Rich snippets are driven by structured data markup, which helps define information so search engines can better understand the context of a webpage. For example, structured data markup can help a search engine understand that 844-487-8399 is a phone number and not just a string of digits.

This is different from HTML tags, which only tell a browser how to display the information included in a tag. HTML tags do not give any context about what a string means, which can make it difficult for search engines to display relevant content to a user.

The first result shown above is driven by HTML markup.

  • Page title sourced from the <title> tag.
  • The URL can be sourced from the <link rel="canonical” href="https://...” /> tag.
  • The description is picked up from the <meta name="description" content="..." /> tag.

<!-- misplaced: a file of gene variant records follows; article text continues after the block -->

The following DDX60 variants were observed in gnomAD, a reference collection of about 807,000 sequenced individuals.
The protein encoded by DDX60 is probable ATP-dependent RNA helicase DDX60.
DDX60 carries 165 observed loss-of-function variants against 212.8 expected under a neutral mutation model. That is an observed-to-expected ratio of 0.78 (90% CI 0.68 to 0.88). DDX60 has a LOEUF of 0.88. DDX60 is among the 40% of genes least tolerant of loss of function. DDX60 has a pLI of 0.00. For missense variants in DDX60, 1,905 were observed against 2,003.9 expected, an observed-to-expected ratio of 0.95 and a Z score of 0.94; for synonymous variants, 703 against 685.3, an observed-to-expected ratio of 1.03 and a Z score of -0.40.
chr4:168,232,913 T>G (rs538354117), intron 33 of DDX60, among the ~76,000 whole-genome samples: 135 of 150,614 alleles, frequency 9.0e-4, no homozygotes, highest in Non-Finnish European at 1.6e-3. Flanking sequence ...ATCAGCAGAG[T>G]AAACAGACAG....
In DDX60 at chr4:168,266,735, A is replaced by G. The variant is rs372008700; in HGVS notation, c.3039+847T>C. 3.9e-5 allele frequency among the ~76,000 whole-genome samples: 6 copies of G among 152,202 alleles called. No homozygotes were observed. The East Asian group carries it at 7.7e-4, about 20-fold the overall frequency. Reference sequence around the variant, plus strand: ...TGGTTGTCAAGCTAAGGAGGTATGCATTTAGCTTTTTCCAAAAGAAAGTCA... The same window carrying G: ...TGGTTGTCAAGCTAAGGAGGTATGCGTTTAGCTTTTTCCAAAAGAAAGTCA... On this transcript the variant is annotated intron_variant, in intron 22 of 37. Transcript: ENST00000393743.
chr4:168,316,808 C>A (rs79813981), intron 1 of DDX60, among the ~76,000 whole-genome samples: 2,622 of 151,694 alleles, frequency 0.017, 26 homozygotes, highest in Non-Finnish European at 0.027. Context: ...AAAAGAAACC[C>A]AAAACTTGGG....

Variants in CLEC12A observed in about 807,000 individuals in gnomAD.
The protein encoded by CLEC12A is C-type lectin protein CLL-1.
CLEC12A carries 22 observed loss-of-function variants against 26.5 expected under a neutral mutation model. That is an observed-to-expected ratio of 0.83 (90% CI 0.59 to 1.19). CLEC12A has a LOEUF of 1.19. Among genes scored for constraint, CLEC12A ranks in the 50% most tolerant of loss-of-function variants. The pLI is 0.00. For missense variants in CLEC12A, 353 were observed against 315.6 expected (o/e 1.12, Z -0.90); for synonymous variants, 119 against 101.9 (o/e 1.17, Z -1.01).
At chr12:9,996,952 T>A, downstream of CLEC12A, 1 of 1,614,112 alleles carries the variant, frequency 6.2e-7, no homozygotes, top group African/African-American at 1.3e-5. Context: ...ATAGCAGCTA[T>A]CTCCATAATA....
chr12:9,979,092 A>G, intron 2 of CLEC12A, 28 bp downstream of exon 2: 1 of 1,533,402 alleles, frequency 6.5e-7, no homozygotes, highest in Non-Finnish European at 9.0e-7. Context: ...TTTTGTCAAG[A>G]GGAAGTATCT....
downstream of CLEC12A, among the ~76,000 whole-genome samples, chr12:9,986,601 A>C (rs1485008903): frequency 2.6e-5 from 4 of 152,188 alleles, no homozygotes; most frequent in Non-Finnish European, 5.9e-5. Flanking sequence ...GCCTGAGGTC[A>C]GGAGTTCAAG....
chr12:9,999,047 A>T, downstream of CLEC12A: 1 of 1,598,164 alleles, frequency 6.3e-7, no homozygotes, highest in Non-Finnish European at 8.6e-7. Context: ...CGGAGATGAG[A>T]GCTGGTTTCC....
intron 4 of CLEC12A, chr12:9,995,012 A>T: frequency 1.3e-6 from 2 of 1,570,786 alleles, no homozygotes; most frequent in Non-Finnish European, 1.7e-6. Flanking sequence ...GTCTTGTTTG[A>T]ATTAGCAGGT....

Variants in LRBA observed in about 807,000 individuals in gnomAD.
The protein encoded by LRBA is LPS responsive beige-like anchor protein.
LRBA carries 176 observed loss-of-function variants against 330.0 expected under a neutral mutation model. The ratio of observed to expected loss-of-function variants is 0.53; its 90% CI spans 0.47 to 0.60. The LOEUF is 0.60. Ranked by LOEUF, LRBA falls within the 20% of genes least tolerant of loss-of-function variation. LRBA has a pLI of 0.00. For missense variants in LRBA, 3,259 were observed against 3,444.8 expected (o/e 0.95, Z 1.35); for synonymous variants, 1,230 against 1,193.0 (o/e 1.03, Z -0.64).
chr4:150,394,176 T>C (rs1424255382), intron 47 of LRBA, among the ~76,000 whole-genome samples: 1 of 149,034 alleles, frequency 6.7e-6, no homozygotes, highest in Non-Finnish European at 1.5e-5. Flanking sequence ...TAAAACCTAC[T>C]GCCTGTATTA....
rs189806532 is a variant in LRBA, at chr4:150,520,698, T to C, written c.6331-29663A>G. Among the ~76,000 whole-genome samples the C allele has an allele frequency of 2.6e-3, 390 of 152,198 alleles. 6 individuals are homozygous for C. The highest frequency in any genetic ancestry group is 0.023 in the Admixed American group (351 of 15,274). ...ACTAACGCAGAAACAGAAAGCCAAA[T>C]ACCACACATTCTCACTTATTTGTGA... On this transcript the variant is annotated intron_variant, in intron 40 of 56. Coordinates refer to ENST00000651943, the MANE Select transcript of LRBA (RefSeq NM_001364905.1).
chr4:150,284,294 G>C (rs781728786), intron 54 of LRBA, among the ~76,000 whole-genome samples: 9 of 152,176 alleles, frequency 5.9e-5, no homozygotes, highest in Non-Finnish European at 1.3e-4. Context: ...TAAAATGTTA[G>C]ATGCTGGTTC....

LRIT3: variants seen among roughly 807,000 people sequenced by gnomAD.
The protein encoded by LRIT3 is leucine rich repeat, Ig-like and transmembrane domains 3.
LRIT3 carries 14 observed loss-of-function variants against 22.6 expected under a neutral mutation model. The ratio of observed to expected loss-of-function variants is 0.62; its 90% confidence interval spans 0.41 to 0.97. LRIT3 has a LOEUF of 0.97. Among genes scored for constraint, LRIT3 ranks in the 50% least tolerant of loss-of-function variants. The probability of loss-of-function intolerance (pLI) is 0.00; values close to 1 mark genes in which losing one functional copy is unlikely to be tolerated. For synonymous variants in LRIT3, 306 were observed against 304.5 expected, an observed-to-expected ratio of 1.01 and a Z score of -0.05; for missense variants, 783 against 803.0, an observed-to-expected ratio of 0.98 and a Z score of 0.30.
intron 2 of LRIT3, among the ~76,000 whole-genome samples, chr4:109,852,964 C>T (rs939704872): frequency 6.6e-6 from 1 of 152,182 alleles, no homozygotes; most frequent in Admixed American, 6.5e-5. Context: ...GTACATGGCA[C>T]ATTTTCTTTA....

Rich results use a different vocabulary and language. For example, PatientPop uses the schema.org vocabulary and JSON-LD language. (Other languages include Microdata and RDFa.) The specific markup required is called AggregateRating. It looks like the following:

<script type="application/ld+json">
  "@context": "http://schema.org/",
  "@type": "Physician",
  "name": "Benjamin F Pierce, MD",
  "description": "Great doctor that excels stress.",
  "aggregateRating": {
    "@type": "AggregateRating",
    "ratingValue": "9",
    "bestRating": "10",
    "worstRating": "1",
    "ratingCount": "20"

Will rich snippets attract more patients to my healthcare practice?

If you compare the Google results above, you’ll notice that rich results are more eye-catching than Google results without rich snippets. Therefore, you might think prospective patients will click links with rich snippets more often.